Statement for Peace from the Saratoga Ministerial Association

We join together in this statement to encourage people in moderation of speech and listening, to be wary of hate speech in public discourse, and to encourage unity during this election season.

The Saratoga Ministerial Association is a community of leaders from the houses of faith in Saratoga including Catholic andĀ Protestant, Jewish and Muslim, Latter Day Saints and Episcopal, as well as Council members from the City of Saratoga. We are men and women who support one another in our efforts to heal, care for, inspire goodness, and remove barriers that exist within the fabric of our neighborhoods. In this particular moment in our national conversation we are very aware of the power of the words being used to erode the unity that we seek in our community. This rhetoric is leading many to construct a modern false idol out of power and privilege, and we reject the notion that we can ensure the safety of some by sacrificing the hopes of others. The language is causing Americans to turn against their neighbors, particularly those who many appear different fromĀ themselves. No matter where we fall on the political spectrum, we must respect the dignity of every human being and seek the common good. We reject as well the uplifting of anger and violence as a mode of being and dealing with one another in this nation and in this world. From the holy men and women through our sacred histories we have learned tolerance, we have seen a higher standard of how to both care for people as well as stand up firmly, but peacefully, to those in power who seem to take advantage of that power. A society should not be judged by how it rewards its most privileged but how it cares for its most vulnerable. We urge all citizens to stand for peace, patience, and tolerance with one another (even those with whom we disagree), for civil public discourse, and wise discernment when enacting the privilege of voting in the midst of all the arguments and words.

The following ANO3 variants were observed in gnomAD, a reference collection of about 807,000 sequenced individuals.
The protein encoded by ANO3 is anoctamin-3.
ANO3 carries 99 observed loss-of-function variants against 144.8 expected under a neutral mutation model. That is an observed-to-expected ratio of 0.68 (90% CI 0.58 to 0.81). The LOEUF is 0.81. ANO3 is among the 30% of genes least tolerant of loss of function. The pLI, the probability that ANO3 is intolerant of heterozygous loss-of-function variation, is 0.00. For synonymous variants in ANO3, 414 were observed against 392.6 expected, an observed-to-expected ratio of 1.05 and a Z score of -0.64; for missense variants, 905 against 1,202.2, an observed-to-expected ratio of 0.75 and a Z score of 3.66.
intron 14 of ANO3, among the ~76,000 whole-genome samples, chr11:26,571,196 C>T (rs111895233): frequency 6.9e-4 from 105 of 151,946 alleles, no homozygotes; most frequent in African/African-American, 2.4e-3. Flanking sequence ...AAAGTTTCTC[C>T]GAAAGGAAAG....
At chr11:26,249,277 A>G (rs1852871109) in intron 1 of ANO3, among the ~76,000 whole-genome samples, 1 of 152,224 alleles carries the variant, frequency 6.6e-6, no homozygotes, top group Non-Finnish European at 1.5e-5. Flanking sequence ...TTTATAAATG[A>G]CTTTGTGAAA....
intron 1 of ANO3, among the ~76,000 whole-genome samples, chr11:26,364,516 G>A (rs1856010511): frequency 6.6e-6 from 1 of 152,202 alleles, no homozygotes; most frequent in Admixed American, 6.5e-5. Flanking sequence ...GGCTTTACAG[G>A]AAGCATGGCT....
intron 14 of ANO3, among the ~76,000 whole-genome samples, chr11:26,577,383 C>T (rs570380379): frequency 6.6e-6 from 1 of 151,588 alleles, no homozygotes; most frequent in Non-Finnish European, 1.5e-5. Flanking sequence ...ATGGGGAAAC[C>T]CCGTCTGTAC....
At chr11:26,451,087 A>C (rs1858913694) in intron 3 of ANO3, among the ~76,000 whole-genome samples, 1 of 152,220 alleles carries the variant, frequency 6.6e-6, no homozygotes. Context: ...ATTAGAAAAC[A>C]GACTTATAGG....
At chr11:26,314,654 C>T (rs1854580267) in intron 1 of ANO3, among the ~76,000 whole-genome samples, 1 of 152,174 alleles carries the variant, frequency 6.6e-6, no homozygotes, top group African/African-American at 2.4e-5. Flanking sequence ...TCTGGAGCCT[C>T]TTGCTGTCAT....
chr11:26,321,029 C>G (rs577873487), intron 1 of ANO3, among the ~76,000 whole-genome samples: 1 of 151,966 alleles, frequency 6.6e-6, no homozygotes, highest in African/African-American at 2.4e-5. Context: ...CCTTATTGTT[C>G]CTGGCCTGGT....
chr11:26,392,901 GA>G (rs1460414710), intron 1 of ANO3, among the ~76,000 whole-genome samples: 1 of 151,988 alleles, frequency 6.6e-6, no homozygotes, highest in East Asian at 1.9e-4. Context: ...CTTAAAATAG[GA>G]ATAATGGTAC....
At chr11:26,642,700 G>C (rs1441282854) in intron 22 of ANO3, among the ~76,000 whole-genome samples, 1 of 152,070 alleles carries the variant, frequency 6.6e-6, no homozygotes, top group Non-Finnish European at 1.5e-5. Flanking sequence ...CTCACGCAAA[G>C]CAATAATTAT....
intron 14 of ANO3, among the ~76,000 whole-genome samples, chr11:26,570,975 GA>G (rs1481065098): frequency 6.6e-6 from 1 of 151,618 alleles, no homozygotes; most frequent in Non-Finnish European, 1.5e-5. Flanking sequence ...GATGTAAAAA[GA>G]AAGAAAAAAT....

We worry for the community that we are working hard to care for and live within. We also worry for the safety of all our children as they are very aware of the ramifications of the rhetoric that filters down to them in the form of threats and fear. Over and over again in our scriptures we hear “do not be afraid”. We are far too often hearing words of hate and thinly veiled racism, classism, and sexism that are indeed disturbing and causing great fear in many people of this nation. Thus we call for prayer for our country that a spirit of reconciliation will prevail, and we will not betray our truest selves.

Our hope is that we might find a common humanity, the strength of our unity, and our best selves that we might welcome the stranger and find the Holy in all of our encounters. May we know God’s blessing for all of humanity.

Rev. Erik Swanson, Westhope Presbyterian

Rev. Derek Engfelt, Immanuel Lutheran

Fr. Gary Thomas, Sacred Heart Catholic

Rev. Arvin Engelson, Saratoga Federated

Rev. Sara Pearson, Prince of Peace Lutheran

Rev. Nathan Winterhof, Prince of Peace Lutheran

Rev. Channing Smith, St. Andrews Episcopal

Manny Cappello, Mayor of Saratoga

Rabbi Philip Ohriner, Congregation Beth David

Dr. Imtiaz Qureshi, West Valley Muslim Association

Fr. Robert McKay, Sacred Heart Catholic